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First documented tool use by reptiles claimed

Dec. 11, 2013
Courtesy of Taylor & Francis journals
and World Science staff

How do croc­o­diles catch their flighty friends? 

Though we might ex­pect birds to easily evade their cap­tors, croc­o­diles have been ex­posed as the mas­ter­minds of a new hunt­ing meth­od, sci­en­tists re­port.

A camouflaged mug­ger cro­co­dile in stick-dis­play­ing be­hav­ior. (Cour­tesy Tay­lor & Fran­cis)


Ly­ing still in the wa­ter and bal­anc­ing sticks and twigs on their snouts or in their mouths, the croc­o­diles ap­pear more cun­ning than a fox, the re­search­ers say. At nest­ing time, birds fly down to col­lect fo­li­age for their new homes but are met with an al­to­geth­er dif­fer­ent home com­ing—to the great bird’s nest in the sky, as they are eat­en.

Though the use of ob­jects as hunt­ing lures is very rare in na­ture, a study says at least two spe­cies of croc­o­diles and al­li­ga­tors use twigs and sticks to lure birds. One spe­cies is the mug­ger croc­o­dile Croc­ody­lus palus­tris, the oth­er is the Amer­i­can al­li­ga­tor Al­li­ga­tor mis­sis­sip­pi­ensis.

The re­search is pub­lished in the cur­rent is­sue of the jour­nal Ethol­o­gy, Ecol­o­gy and Ev­o­lu­tion and is the first re­port of tool use by any rep­tiles, the re­search­ers say.

“This is the first known case of a pred­a­tor not just us­ing ob­jects as lures, but al­so tak­ing in­to ac­count the sea­son­al­ity of prey be­hav­ior,” wrote the in­ves­ti­ga­tors, Vlad­i­mir Di­nets of the Uni­vers­ity of Ten­nes­see and col­leagues.

“Dur­ing the nest-building sea­son, many wad­ing birds are des­per­ately search­ing for small sticks and twigs, of­ten en­gag­ing in steal­ing from their neigh­bors and vi­o­lent fights,” they not­ed. The rep­tiles ex­ploit this.

The study was based on year­long ob­serva­t­ions at four sites in Lou­i­si­ana. In­ves­ti­ga­tors ob­served each site be­tween one and four hours af­ter sun­rise, monthly in August-February and weekly in March-July, cov­er­ing the nest-building sea­son of March 24-May 5.

“The spec­tac­u­lar com­plex­ity of croc­o­dil­ian be­hav­ior has been rec­og­nized only re­cent­ly,” the re­search­ers wrote. “His­toric­ally viewed as le­thar­gic, stu­pid and bor­ing,” they went on, croc­o­diles and alli­gators are now known to show flex­i­ble com­mu­nica­t­ion, “ad­vanced pa­ren­tal care and highly co­or­di­nated group hunt­ing tac­tics.”

The find­ings sug­gest that di­no­saurs, close rel­a­tives of croc­o­diles and al­li­ga­tors, may al­so have ex­hib­ited com­plex be­hav­ior, they added.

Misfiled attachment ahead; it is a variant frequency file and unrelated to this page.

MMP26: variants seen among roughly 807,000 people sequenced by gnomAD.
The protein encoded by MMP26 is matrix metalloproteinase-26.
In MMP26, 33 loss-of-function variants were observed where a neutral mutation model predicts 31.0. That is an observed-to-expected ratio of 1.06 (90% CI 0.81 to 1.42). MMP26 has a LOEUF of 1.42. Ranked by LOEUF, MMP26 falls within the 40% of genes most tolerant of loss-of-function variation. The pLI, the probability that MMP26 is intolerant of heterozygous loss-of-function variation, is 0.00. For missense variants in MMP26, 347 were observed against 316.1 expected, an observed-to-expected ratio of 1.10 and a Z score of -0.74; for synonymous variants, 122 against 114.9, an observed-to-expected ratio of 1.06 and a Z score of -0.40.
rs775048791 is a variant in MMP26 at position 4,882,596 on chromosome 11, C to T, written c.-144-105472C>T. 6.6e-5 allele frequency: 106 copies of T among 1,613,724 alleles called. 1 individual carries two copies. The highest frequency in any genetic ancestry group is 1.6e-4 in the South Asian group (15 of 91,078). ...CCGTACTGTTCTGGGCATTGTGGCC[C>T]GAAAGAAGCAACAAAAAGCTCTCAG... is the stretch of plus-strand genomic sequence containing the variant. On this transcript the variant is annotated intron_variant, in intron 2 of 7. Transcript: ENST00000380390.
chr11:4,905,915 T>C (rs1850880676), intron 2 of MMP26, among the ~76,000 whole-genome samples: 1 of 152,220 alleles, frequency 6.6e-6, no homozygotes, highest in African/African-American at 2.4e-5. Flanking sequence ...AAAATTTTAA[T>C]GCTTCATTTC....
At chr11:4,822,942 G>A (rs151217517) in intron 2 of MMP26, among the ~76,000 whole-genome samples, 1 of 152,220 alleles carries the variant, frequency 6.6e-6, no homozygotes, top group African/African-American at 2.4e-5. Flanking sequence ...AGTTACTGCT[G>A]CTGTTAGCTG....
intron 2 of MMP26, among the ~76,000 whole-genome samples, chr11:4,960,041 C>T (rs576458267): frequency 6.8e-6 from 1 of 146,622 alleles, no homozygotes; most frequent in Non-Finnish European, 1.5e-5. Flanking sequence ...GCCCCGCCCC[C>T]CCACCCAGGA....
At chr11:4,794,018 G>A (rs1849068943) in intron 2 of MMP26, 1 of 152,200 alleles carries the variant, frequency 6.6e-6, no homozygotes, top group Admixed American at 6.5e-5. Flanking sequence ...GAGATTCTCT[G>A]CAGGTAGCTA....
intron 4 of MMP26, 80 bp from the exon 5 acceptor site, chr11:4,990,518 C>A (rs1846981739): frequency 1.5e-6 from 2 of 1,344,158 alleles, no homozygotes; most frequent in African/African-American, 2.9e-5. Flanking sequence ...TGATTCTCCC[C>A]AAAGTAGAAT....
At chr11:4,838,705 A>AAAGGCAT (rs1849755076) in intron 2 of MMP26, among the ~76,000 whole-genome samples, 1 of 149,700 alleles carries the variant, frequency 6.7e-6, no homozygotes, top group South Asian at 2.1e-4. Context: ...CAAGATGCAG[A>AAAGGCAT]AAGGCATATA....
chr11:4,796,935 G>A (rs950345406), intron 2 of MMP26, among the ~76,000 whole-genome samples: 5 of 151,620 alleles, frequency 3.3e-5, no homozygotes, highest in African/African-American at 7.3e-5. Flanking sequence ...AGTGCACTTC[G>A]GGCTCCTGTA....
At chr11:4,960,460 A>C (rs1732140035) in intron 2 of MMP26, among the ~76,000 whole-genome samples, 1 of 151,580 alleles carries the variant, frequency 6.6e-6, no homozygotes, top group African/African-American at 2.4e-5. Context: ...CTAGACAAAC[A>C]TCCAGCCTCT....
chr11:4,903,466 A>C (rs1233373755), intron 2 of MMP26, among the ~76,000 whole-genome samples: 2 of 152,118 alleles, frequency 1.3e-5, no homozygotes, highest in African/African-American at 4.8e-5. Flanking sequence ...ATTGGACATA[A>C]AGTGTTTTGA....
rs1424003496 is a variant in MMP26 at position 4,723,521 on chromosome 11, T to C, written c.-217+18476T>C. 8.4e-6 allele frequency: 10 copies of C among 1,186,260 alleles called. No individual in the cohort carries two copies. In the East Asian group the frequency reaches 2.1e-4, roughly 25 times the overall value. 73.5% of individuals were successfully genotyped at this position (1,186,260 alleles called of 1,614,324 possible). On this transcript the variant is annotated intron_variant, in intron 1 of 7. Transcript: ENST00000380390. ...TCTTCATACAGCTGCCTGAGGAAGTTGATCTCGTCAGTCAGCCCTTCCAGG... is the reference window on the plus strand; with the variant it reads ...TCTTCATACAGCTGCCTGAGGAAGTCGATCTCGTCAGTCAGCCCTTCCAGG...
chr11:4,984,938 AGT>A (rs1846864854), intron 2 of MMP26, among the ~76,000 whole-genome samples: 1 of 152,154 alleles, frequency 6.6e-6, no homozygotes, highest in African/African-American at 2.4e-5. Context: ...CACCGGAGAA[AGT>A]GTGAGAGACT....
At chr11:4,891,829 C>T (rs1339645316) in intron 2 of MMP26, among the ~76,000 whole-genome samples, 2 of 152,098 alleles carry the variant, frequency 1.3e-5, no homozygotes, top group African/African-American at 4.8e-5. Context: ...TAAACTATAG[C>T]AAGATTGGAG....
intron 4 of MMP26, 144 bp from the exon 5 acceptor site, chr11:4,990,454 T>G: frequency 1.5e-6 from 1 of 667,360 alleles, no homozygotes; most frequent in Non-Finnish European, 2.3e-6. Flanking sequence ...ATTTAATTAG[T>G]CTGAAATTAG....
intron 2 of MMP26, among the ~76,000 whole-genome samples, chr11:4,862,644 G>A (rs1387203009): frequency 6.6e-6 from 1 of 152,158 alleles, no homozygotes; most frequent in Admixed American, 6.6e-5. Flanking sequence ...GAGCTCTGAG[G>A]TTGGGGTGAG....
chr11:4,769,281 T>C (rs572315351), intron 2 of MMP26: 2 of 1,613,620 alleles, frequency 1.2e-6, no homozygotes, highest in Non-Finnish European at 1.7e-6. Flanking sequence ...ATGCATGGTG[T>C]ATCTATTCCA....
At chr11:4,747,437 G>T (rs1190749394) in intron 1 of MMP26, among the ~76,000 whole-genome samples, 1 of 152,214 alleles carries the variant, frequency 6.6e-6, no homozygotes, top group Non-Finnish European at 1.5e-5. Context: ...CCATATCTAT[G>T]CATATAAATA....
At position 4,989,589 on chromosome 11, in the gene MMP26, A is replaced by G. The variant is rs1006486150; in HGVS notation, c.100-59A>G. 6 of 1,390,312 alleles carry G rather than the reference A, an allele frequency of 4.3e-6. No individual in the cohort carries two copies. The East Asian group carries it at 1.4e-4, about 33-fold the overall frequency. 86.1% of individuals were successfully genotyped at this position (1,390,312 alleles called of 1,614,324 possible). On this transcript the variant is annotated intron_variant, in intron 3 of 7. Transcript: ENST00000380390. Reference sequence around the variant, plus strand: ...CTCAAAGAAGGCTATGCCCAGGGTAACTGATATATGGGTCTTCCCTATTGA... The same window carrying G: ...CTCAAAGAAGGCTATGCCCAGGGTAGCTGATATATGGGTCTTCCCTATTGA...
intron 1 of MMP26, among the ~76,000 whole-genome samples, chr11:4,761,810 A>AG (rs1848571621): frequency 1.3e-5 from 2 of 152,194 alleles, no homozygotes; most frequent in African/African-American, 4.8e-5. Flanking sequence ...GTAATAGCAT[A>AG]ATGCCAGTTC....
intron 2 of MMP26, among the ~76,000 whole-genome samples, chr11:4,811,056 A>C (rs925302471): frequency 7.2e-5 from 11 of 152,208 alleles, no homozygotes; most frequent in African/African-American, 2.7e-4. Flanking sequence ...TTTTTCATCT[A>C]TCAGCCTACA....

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How do crocodiles catch their flighty friends? Though we might expect birds to easily evade their captors, crocodiles have been exposed as the masterminds of a new hunting method, scientists report. Lying still in the water and balancing sticks and twigs on their snouts or in their mouths, the crocodiles appear more cunning than a fox, the researchers say. At nesting time, birds fly down to collect foliage for their new homes but are met with an altogether different home coming—to the great bird’s nest in the sky, as they are eaten. Though the use of objects as hunting lures is very rare in nature, a study said at least two species of crocodiles and alligators use twigs and sticks to lure birds. One species is the mugger crocodile Crocodylus palustris, the other is the American alligator Alligator mississippiensis. The research is published in the current issue of the journal Ethology, Ecology and Evolution and is the first report of tool use by any reptiles, the researchers say. “This is the first known case of a predator not just using objects as lures, but also taking into account the seasonality of prey behavior,” wrote the investigators, Vladimir Dinets of the University of Tennessee and colleagues. “During the nest-building season, many wading birds are desperately searching for small sticks and twigs, often engaging in stealing from their neighbors and violent fights,” they noted. The reptiles exploit this. The study was based on yearlong observations at four sites in Louisiana. Investigators observed each site between one and four hours after sunrise, monthly in August-February and weekly in March-July, covering the nest-building season of March 24-May 5. “The spectacular complexity of crocodilian behavior has been recognized only recently,” the researchers wrote. “Historically viewed as lethargic, stupid and boring, crocodilians are now known to exhibit flexible [communication], advanced parental care and highly coordinated group hunting tactics.” The findings suggest that dinosaurs, close relatives of crocodiles and alligators, may also have exhibited complex behavior, they added.